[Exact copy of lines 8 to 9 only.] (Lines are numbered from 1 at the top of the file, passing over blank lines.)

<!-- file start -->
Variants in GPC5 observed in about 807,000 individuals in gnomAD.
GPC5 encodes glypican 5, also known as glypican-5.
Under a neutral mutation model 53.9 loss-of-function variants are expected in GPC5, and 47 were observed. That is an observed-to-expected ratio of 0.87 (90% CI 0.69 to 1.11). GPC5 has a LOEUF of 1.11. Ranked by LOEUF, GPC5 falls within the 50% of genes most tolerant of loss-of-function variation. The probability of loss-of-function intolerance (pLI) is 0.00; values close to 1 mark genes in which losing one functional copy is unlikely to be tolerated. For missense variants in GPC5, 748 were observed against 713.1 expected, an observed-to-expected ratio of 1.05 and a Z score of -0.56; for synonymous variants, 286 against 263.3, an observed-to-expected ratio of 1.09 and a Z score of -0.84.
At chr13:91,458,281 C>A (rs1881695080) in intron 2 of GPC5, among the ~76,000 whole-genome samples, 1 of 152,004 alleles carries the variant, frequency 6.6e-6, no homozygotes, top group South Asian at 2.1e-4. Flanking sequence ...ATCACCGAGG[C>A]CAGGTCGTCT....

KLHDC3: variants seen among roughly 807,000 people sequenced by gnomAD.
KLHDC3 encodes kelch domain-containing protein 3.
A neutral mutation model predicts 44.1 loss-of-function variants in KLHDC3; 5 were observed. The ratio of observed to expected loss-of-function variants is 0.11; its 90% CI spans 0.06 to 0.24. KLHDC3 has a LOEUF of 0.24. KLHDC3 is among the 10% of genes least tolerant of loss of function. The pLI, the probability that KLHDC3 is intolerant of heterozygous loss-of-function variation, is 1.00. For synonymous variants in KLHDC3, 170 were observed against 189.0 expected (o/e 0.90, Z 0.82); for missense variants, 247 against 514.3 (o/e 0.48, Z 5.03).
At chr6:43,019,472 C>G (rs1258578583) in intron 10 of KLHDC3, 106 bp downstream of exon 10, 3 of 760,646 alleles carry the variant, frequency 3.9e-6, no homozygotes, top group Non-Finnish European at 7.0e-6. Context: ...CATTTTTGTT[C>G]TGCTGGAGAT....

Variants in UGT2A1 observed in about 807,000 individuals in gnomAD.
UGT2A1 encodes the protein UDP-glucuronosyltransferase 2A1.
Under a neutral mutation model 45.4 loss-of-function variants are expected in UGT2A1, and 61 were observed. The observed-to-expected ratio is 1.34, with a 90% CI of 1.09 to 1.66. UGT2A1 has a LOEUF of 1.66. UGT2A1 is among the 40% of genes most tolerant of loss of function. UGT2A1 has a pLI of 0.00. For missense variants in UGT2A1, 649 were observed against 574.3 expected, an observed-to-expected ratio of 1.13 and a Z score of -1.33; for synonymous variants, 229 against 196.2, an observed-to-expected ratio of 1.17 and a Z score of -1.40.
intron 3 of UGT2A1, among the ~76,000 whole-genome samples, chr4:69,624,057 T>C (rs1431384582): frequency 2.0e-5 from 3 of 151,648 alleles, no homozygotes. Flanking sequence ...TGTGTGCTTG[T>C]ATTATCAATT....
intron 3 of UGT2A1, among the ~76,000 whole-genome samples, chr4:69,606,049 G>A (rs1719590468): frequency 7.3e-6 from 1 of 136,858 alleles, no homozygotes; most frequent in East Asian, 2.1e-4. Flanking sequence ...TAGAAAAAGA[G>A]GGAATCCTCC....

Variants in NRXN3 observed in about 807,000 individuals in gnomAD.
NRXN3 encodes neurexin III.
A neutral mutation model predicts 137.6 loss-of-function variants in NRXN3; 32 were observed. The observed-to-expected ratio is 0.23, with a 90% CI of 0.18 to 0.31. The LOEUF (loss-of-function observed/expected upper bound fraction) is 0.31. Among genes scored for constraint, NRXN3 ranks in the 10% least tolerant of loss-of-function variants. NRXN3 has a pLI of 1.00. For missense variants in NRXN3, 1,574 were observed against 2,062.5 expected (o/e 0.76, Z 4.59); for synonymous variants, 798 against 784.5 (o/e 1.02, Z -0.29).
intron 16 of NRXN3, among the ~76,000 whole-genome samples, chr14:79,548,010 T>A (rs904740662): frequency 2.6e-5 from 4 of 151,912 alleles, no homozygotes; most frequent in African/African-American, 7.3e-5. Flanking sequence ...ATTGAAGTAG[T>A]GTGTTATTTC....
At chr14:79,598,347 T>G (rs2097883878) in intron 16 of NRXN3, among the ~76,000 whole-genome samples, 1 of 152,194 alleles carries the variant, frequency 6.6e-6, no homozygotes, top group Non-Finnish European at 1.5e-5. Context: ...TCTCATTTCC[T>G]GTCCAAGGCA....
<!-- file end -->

At chr6:43,019,472 C>G (rs1258578583) in intron 10 of KLHDC3, 106 bp downstream of exon 10, 3 of 760,646 alleles carry the variant, frequency 3.9e-6, no homozygotes, top group Non-Finnish European at 7.0e-6. Context: ...CATTTTTGTT[C>G]TGCTGGAGAT....

Variants in UGT2A1 observed in about 807,000 individuals in gnomAD.